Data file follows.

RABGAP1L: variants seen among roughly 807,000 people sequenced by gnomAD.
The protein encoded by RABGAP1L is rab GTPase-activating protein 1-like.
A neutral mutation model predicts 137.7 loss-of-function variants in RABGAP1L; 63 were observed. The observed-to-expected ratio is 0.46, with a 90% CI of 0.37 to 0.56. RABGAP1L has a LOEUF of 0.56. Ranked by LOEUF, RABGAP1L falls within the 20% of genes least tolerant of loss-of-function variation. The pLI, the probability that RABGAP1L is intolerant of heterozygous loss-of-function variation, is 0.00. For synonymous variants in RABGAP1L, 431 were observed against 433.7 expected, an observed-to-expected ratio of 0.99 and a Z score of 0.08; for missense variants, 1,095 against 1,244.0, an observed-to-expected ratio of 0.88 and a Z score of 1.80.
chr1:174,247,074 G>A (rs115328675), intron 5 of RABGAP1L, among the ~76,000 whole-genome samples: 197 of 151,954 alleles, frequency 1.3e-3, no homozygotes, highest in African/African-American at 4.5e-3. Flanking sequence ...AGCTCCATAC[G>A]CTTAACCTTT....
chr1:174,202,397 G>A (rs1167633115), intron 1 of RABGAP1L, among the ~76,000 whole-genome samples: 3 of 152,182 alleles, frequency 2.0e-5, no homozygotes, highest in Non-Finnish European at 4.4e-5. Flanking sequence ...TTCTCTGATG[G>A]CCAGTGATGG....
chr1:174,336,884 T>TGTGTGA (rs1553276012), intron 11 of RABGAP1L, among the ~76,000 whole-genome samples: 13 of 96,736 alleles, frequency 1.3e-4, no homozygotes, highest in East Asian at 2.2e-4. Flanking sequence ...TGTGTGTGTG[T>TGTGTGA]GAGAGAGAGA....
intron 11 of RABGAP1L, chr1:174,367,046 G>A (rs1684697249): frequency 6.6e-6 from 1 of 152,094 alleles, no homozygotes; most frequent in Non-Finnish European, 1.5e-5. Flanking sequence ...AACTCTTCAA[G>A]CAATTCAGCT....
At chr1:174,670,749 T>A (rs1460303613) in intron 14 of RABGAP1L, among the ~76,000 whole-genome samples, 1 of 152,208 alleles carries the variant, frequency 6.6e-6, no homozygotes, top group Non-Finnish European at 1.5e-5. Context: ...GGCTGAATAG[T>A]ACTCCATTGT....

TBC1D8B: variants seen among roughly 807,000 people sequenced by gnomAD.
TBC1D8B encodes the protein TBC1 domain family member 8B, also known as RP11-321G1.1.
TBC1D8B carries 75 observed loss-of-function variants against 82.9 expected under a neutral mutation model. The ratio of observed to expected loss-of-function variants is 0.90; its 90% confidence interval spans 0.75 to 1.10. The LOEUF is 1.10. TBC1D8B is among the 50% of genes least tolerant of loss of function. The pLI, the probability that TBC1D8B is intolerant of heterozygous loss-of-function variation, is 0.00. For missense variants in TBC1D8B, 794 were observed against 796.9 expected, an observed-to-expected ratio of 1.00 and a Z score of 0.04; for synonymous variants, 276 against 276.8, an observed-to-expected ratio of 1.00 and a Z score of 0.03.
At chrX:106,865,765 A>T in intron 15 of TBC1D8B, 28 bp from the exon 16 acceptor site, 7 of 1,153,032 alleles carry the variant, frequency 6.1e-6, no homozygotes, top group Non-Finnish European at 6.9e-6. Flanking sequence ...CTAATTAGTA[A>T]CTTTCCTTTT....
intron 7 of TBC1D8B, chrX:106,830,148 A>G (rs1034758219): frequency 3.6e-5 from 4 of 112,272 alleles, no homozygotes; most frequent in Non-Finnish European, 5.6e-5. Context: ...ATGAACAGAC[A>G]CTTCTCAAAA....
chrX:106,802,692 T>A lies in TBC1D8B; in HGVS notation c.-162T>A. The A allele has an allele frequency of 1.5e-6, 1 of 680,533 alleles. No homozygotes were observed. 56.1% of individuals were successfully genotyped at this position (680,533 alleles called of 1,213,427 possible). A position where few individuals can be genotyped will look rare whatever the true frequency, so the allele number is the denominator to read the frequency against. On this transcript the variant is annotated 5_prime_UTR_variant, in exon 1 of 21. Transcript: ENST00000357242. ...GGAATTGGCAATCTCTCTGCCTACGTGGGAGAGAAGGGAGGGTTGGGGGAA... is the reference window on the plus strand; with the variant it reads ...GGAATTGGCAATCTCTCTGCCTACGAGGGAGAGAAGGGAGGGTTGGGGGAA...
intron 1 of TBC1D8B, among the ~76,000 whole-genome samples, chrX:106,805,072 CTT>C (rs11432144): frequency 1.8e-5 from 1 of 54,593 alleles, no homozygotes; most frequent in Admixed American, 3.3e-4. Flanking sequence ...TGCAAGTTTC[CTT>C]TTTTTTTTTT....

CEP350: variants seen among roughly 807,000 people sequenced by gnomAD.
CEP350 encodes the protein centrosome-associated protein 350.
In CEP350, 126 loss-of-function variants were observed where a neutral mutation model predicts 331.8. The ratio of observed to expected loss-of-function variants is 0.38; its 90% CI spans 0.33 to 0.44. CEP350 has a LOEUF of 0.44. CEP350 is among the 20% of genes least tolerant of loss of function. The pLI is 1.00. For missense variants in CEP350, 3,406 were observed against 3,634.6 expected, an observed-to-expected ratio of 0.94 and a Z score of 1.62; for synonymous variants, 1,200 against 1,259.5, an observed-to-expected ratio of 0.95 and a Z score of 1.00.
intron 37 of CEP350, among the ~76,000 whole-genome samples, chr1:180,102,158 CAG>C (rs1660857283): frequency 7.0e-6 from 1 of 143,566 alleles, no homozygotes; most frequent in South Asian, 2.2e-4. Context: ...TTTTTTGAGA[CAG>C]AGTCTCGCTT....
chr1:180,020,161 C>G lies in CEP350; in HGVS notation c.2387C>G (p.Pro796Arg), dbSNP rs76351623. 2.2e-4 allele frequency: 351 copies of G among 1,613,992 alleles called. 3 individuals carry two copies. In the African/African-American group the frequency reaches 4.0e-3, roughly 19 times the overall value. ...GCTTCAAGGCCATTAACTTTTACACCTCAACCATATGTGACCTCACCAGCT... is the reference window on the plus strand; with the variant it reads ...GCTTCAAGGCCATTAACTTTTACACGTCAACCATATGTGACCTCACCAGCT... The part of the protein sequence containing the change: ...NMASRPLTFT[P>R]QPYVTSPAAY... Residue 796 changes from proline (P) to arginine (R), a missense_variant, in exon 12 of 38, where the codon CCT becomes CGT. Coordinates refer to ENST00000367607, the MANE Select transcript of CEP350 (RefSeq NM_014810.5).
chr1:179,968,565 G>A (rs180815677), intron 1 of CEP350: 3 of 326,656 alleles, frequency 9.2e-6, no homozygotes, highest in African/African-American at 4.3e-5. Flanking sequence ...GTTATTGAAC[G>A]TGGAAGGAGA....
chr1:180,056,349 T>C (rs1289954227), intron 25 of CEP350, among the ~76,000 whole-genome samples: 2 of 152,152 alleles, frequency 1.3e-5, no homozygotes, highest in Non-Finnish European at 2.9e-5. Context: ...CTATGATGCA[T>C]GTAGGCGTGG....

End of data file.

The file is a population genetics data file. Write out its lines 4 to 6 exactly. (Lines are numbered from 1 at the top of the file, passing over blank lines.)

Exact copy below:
chr1:174,247,074 G>A (rs115328675), intron 5 of RABGAP1L, among the ~76,000 whole-genome samples: 197 of 151,954 alleles, frequency 1.3e-3, no homozygotes, highest in African/African-American at 4.5e-3. Flanking sequence ...AGCTCCATAC[G>A]CTTAACCTTT....
chr1:174,202,397 G>A (rs1167633115), intron 1 of RABGAP1L, among the ~76,000 whole-genome samples: 3 of 152,182 alleles, frequency 2.0e-5, no homozygotes, highest in Non-Finnish European at 4.4e-5. Flanking sequence ...TTCTCTGATG[G>A]CCAGTGATGG....
chr1:174,336,884 T>TGTGTGA (rs1553276012), intron 11 of RABGAP1L, among the ~76,000 whole-genome samples: 13 of 96,736 alleles, frequency 1.3e-4, no homozygotes, highest in East Asian at 2.2e-4. Flanking sequence ...TGTGTGTGTG[T>TGTGTGA]GAGAGAGAGA....